When the dealer is not handled by a known entity, who catered to their customers with "special local decision making" on credit and other things (RAs for damages/defectives etc) there is something valuable lost. Amana was the biggest loser here, both in Federal Court, and in the final outcome.
Distribution is mis-understood by the average appliance dealer. Less market protection, less local decision making, far less training, less visits by professional salesman, all adds up to less sales. The proof is in the numbers from that period of time.December 11, 2012 at 2:36 am #6427CohibaParticipant
Miele knows how to make vacuums. They know how to make dishwashers. They even know how to make Cooking products. They haven’t a clue how to sell appliances in Northern California.
The Tatros have forgotten more about the Northern California market than Miele will ever learn. Product sales to dealer businesses are all about relationships. The Tatros built relationships. If you tell a dealer you are going to reduce his expenses by eliminating the need for him to warehouse, deliver or even finance the sale, you forget he is already doing that with other brands. Taking that cost away on your brand doesn’t reduce the fixed cost he has for a warehouse, warehousemen and delivery men on other brands. The fixed cost doesn’t go away, the dealer just can’t leverage that cost anymore against your brand.
I know Mike Tatro and his brothers. Miele made a mistake.December 11, 2012 at 1:52 pm #6429The AdvisorKeymaster
Is there anything to the fact that Miele is not new to this rodeo?
They’ve launched this form of distribution around the world.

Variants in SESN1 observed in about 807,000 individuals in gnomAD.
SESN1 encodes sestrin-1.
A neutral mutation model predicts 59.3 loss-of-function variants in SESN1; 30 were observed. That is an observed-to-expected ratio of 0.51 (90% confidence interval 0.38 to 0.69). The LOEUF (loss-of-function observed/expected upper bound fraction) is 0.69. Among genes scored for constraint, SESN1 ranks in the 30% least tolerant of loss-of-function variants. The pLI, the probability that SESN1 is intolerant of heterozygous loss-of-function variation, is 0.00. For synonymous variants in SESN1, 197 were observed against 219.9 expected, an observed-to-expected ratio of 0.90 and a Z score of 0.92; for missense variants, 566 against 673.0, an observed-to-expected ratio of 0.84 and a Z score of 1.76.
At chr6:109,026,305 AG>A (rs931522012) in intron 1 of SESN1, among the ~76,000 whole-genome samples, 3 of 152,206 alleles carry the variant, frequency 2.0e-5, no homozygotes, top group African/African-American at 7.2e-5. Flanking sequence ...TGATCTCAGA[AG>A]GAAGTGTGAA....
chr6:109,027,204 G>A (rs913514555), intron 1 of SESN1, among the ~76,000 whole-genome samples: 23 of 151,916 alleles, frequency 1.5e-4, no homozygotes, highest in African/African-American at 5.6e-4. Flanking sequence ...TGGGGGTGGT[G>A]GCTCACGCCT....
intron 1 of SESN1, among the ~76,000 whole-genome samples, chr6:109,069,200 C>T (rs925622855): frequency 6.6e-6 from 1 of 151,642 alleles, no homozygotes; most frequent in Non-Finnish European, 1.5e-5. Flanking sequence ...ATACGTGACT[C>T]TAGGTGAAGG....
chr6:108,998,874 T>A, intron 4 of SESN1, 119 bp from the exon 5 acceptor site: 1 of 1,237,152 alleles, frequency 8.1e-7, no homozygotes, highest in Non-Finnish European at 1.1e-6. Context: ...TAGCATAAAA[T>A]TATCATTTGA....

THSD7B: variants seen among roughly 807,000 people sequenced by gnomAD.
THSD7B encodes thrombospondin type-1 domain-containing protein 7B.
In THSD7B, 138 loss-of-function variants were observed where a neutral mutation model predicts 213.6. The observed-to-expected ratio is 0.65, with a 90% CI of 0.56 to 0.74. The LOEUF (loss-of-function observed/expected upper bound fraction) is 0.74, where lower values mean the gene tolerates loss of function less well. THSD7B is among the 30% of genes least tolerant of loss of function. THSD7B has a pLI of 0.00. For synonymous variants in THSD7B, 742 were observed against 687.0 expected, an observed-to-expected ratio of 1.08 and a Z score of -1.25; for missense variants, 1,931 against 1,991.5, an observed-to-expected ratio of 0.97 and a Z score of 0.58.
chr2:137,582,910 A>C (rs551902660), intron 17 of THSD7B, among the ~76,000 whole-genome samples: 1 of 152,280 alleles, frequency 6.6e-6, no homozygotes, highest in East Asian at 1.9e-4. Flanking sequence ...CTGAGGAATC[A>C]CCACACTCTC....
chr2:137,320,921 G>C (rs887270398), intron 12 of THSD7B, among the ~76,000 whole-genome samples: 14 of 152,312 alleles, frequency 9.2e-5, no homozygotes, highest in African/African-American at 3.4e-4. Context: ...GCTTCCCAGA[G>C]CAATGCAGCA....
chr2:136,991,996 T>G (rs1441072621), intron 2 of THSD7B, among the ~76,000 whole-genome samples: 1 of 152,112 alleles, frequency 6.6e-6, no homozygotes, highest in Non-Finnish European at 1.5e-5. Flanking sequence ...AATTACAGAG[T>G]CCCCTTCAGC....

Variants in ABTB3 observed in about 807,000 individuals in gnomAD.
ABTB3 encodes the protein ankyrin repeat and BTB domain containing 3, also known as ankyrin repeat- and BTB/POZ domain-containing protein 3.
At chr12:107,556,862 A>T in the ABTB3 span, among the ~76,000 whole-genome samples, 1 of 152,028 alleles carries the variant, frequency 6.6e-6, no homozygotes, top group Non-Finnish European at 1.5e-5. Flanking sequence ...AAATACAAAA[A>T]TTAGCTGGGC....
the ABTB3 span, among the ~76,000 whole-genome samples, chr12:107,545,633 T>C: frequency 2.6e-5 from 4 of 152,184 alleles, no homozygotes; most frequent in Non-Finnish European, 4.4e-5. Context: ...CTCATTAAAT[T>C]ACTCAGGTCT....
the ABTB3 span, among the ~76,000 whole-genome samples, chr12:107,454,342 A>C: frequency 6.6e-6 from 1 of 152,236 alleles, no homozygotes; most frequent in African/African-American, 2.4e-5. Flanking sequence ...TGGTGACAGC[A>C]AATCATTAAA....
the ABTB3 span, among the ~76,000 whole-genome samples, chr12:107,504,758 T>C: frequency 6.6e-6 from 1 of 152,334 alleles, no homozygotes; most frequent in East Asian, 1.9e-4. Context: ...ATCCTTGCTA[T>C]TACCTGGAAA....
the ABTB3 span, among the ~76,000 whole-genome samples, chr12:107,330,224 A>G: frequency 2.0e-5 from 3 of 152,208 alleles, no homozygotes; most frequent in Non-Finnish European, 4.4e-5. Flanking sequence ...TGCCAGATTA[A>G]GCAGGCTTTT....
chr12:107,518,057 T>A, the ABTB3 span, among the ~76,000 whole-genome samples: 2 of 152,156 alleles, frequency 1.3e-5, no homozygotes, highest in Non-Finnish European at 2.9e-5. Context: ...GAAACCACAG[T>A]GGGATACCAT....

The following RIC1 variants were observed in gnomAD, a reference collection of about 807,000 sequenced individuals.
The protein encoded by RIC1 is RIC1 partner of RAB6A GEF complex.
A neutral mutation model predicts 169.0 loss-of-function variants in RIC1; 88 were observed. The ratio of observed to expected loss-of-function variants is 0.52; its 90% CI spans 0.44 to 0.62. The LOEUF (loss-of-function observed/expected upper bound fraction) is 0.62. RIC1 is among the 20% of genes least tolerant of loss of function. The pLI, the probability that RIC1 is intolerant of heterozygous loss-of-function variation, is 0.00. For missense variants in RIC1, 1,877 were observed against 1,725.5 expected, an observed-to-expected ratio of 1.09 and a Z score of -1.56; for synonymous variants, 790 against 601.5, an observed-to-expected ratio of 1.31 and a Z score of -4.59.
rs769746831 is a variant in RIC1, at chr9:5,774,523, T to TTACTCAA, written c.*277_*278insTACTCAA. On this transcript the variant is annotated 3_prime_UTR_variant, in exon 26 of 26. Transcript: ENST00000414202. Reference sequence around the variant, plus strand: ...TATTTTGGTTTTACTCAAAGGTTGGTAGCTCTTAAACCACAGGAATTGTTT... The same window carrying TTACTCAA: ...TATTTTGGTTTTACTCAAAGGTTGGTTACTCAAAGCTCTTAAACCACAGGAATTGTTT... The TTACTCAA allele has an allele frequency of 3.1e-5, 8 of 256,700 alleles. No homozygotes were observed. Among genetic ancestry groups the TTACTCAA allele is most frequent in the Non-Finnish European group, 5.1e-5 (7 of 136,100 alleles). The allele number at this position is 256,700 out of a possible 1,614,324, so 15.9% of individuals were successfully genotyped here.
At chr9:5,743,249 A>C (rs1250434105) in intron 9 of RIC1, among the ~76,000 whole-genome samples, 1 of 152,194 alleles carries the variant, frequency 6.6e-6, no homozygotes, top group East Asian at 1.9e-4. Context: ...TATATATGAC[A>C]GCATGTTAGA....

The US is only their latest direct market.
We have to factor in their experience with this form of distribution.December 12, 2012 at 1:56 am #6430ntennisplayerMember
Losing the relationships that distribution has created, over many years of doing business, is to lose a great deal. Miele will regret canceling distribution.December 12, 2012 at 3:18 pm #6431CohibaParticipant
Experience doesn’t replace critical mass. Miele is a relatively small volume appliance manufacturer, in terms of overall volume and market share. Consequently, they need distribution (2-step or direct) to fulfill the needed functions to get their product to market. As a high-end product, Miele is not a product that dealers will stock in depth in their warehouse, especially with cooking products or high-end refrigeration. Consequently, most dealers will buy Miele as they sell it.
1. Someone has to warehouse it (locally). (If the dealer doesn’t stock it, the distributor must. Consumers won’t wait for it to be shipped from a factory, or central U.S. distribution point)
2. Someone has to deliver it, from warehouse to dealer (and dealer to consumer, if the dealer doesn’t provide this function).
3. Someone has to finance the inventory (at the warehouse level) and then finance the display at the dealer level (especially with brands that demand floor space).
4. Someone has to train the dealer sales force. (As well as other channels of distribution, such as architects, designers and kitchen dealers).
5. In addition to training, someone has to incent designers to spec the product and incent dealers to make the sale. If a dealer allows spiffs, someone has to pay them. Otherwise, some other form of incentive program should be implemented.
These distribution functions (to name a few) are necessary. Manufacturers look at distributor gross profit margins and think they can provide these functions cheaper, but they don’t have the critical mass from other brands to leverage these costs. Manufacturers also feel that they can have greater control by going direct and they often overestimate the power of their brand’s demand.